Communication Styles…Can You Crack the Code?

By Michael Wilkinson, CMF; Managing Director, Leadership Strategies, Inc.

If you’ve ever had a conversation…with anyone, you know that people communicate differently and have different needs, whether face-to-face or in a meeting. By having a mental model of the different communication styles, different needs and typical dysfunctions, you will be better able to prevent, detect and resolve dysfunctional behavior and hold a better meeting. Professional facilitators and consultants often find it helpful to have a model for recognizing different communication styles.

There are a number of models to help professional facilitators and consultants understand behavioral and communication styles, including Meyers-Briggs Type Indicators, Hermann Brain Dominance Indicators and DISC Communication Styles. In our organization, we use the DISC Communication Styles from TTI Performance Systems, LTD to help us decipher communication styles. We find that it is an insightful, yet simple, model that is easily understood, retained and applied by casual users of the information.

In the DISC model, there are four basic communication styles. While all of us communicate across each of the four dimensions, we do so to varying degrees. And for most of us, we tend to naturally communicate in one of the four styles most of the time. Below is a very abbreviated summary of each of the styles. The summary describes the styles when at their best and worst in a facilitation session, and additional prevention strategies to prevent dysfunction from occurring.

Hi-D Style

At Their Best
  • Driving for efficiency, participating, directing, making direct comments, giving end point first
At Their Worst
  • Alienating by being forceful, not letting people catch up, making snap decisions, killing creativity, unaware of what's happening in the group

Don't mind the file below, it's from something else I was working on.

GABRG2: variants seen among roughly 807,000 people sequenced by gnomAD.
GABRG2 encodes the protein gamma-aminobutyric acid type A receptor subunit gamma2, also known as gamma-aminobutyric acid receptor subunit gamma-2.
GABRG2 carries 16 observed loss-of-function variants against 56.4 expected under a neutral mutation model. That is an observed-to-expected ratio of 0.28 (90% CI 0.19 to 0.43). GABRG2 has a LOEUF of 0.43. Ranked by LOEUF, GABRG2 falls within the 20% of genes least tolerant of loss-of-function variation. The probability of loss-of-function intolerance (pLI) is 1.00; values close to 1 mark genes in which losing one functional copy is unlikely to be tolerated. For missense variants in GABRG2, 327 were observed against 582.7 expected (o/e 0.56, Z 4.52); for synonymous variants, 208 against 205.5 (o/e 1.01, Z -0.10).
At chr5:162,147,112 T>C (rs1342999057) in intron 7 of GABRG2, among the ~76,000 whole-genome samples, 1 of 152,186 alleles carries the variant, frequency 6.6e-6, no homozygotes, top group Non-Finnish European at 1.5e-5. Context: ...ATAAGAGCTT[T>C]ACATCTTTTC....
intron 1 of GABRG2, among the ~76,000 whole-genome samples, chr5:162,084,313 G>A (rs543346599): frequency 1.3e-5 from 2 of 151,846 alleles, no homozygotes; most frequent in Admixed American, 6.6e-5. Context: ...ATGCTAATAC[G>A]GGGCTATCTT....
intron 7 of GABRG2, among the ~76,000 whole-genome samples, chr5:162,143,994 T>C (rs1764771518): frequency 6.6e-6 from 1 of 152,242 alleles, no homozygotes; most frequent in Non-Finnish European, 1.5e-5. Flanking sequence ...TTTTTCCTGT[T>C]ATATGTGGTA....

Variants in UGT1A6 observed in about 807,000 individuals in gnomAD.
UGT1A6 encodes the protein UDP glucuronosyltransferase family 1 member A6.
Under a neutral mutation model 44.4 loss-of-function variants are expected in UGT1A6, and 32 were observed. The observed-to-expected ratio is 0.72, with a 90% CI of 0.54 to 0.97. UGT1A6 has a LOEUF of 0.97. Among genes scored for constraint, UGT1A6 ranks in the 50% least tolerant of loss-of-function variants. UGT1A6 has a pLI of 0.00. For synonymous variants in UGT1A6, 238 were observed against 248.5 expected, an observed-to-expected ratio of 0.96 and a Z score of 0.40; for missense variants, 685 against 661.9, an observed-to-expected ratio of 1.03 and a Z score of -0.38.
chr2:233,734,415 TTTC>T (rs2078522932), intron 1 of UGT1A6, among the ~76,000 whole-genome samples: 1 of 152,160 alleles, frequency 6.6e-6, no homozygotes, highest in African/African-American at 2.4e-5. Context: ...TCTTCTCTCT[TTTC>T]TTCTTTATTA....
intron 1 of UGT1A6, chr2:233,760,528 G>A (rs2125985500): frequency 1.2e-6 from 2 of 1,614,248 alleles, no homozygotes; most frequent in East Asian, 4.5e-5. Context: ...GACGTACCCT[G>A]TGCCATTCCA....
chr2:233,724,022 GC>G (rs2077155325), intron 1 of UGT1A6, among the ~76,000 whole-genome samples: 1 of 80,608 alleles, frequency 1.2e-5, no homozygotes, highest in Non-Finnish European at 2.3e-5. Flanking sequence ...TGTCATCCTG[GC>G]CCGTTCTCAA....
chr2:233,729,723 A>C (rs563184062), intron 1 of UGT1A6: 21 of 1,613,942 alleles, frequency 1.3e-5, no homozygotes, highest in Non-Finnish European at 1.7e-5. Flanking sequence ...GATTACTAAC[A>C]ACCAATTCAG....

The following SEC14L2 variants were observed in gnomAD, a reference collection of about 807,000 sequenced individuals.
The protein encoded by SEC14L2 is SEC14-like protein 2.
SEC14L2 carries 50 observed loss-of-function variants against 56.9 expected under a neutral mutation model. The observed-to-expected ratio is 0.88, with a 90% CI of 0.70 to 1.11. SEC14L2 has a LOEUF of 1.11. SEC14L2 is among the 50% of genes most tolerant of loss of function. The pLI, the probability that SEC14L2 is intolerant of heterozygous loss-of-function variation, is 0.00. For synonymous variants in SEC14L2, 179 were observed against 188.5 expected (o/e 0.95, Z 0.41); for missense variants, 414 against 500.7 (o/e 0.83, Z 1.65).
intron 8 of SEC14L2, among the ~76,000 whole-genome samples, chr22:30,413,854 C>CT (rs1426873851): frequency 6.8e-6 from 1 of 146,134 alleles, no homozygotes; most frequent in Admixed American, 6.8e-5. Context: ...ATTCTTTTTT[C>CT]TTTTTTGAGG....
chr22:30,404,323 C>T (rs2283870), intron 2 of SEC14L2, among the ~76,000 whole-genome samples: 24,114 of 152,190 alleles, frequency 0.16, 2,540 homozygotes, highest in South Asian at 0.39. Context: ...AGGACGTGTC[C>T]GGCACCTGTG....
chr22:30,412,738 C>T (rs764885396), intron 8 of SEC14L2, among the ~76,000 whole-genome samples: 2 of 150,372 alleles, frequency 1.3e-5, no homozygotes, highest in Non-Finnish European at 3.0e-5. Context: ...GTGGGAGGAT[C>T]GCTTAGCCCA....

Prevention Strategies
  • Keep session fast paced, well planned
  • Lay out the process and the benefits
  • Get them on your side to go with the flow

Hi-I Style

At Their Best
  • Participating, creative, talking, keeping energy up, cheer leading and supporting
At Their Worst
  • Don't stop talking, don't listen, don't want to take time for important details, blue-skying, unrealistic
Prevention Strategies
  • Give lots of chances to talk
  • Enlist help for out of box thinking and getting others to speak
  • Have ground rules: keep discussions relevant, end point first, avoid bar discussion

Hi-S Style

At Their Best
  • Friendly, supportive, nodding, agreeing, paying attention, good listeners, tolerant, peace makers
At Their Worst
  • Going along with what they don't believe, being the silent martyr, checking out, passive-aggressive actions in response to change
Prevention Strategies
  • Check for agreement
  • Use teams to avoid putting on the spot
  • Reinforce with praise

Hi-C Style

At Their Best
  • Looking at the details, constructive critiquing, identifying impacts of decision, keeping on task, providing reality check
At Their Worst
  • Bogging down in details, giving all the reasons why something won't work, not allowing intuitive judgment, unrealistic expectations of quality
Prevention Strategies
  • Set expectation that more detailed analysis will be done outside of the session
  • Remind of the level of detail needed for each decision
  • Encourage praise first and seeking new solutions

To learn more about using communication styles to help you consult and facilitate effectively, take a look at our course, The Facilitative Consultant.

About the Author

Michael Wilkinson is the Managing Director of Leadership Strategies – The Facilitation Company, and a much sought after trainer, facilitator and speaker. He is a Certified Master Facilitator and a Certified Professional Facilitator. As a past president of the Southeast Association of Facilitators and a board member of the National Institute of Facilitation, Michael is a national leader in the facilitation industry. You can get more tips from either of Michael's books, The Secrets of Facilitation or The Secrets to Masterful Meetings. You can receive a signed copy through our website.

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